Monday, November 26, 2012
Out of the silent planet
My guest post for the "How Would You Fix…?" blog (devoted to fan-created tweaks and revisions to mangled or ill-considered comics continuity) proposes a startling connection between the android Vision of the Avengers and the seemingly unrelated Golden Age character the Vision created by Joe Simon and Jack Kirby for Marvel Mystery Comics in 1940.
This piece is definitely me working through some long-standing childhood passions. As noted in the introduction, my first issue of The Avengers was #55, the comic that introduced an evil robot named Ultron back in 1968. A vague memory suggests that because my parents were devoted viewers of The Avengers at the time I may have chosen this comic based on the title alone, under the impression it was a comic about John Steed and Emma Peel. It wasn't, but I liked it even better. When Ultron returned just two issues later to send his android slave the Vision against the team, I already considered myself a hardcore fan of the comic. The Vision never became a star outside of comic books, but with his brooding, introspective angst he went on to be one of the most archetypal of Marvel characters. (Come to think of it, maybe that's why the Vision never achieved crossover appeal: the character is simply too much of the comics medium, and perhaps can't work quite as well in any other format.)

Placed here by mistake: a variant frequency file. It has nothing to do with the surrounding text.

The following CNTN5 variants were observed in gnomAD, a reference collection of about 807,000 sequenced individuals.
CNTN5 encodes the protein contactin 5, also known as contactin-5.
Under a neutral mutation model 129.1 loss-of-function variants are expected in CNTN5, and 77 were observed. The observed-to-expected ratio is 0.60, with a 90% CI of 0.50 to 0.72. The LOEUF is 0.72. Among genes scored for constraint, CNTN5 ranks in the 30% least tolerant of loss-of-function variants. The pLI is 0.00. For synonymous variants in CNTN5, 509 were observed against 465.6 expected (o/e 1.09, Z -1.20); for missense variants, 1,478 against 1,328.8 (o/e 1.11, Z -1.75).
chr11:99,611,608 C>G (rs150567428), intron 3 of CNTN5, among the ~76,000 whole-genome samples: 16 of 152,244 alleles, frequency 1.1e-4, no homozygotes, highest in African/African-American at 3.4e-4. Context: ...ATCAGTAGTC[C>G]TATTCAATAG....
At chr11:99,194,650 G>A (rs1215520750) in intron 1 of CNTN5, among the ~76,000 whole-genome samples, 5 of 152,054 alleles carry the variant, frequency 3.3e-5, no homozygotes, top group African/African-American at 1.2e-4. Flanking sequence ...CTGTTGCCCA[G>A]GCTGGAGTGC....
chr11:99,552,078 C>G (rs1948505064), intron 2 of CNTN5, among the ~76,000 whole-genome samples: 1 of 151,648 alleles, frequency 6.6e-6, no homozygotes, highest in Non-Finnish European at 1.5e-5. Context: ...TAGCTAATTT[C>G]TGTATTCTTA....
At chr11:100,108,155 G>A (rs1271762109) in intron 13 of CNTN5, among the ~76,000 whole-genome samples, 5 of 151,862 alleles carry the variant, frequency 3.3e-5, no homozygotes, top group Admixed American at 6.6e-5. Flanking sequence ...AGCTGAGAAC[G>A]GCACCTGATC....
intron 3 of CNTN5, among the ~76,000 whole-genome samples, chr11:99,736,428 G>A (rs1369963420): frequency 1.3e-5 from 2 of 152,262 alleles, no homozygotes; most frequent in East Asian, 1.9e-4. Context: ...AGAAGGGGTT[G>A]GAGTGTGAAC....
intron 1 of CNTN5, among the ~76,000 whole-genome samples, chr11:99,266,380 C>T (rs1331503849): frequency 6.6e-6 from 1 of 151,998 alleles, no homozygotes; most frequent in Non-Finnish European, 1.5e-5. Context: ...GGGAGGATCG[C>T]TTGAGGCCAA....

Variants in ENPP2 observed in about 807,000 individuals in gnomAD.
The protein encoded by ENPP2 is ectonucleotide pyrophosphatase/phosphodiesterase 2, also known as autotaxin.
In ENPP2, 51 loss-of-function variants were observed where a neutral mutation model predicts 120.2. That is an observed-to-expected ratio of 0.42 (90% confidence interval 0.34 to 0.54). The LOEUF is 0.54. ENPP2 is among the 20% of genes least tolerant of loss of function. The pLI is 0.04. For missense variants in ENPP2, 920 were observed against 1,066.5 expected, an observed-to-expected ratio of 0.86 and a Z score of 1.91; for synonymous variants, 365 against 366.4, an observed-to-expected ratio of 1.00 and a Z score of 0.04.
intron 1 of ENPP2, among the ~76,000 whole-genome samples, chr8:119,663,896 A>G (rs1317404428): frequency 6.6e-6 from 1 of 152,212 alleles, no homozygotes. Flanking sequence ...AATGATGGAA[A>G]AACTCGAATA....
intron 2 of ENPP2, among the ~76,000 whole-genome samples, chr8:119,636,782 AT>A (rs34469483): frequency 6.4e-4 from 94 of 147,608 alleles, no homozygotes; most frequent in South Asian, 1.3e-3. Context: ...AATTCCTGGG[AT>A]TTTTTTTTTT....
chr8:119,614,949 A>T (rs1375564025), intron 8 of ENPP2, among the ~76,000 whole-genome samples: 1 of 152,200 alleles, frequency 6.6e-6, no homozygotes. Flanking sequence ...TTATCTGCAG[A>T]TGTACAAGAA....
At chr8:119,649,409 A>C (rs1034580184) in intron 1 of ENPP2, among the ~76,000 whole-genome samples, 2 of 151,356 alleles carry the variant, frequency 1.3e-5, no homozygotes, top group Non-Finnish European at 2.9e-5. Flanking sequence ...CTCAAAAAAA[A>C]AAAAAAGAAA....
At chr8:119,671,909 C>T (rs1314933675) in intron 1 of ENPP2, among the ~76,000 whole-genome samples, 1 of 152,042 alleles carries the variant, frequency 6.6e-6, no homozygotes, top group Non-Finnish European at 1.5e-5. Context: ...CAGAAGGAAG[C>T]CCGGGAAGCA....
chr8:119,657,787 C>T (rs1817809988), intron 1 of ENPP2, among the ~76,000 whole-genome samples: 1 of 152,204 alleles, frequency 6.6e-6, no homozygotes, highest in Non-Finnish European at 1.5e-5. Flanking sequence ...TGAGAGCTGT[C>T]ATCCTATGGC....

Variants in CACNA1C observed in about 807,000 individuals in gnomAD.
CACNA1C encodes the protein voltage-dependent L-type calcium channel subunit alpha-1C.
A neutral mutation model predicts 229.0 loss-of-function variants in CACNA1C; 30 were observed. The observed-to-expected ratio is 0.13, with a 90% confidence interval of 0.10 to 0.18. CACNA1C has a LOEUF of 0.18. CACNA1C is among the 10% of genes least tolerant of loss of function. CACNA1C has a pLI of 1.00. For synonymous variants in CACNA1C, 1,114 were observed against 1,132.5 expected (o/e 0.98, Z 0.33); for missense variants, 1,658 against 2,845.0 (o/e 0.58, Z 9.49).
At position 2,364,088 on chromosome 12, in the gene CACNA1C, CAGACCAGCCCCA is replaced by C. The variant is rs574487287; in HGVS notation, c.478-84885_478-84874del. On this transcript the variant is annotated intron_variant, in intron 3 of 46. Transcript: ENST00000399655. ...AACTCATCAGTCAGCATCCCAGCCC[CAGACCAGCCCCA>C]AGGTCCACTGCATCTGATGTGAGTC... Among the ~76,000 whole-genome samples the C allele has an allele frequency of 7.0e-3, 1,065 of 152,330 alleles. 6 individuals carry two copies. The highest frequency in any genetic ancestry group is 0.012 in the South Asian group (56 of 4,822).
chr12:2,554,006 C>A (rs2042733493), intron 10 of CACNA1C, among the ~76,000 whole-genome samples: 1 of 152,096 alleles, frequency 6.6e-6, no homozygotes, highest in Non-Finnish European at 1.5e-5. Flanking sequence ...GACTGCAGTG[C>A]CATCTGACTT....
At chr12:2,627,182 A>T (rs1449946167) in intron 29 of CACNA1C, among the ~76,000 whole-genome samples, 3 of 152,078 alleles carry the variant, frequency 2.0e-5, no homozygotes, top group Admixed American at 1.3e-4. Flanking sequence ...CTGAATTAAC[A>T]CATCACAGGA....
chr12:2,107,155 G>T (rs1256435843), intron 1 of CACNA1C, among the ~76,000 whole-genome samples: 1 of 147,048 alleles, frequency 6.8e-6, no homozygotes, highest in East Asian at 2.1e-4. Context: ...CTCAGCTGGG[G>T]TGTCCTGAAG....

I'm extremely pleased with how this piece turned out, but fair warning: it gets deep into the weeds of obscure Marvel Comics lore. The Vision has had a convoluted history and even though I ignore the most recent stuff, I don't untangle those knots in his history but pull them even tighter. My synopsis also pays deliberate homage to a couple of science fiction classics, which I felt was only appropriate given the predilection of both Roy Thomas and Jack Kirby to borrow liberally from that wellspring. Anyway, if you enjoy the continuity manipulations of Steve Englehart or Kurt Busiek, this might just be your cup of tea:
The Origin of the Vision, This Time For Sure
Many thanks to Nathan Adler for his encouragement and his patience!
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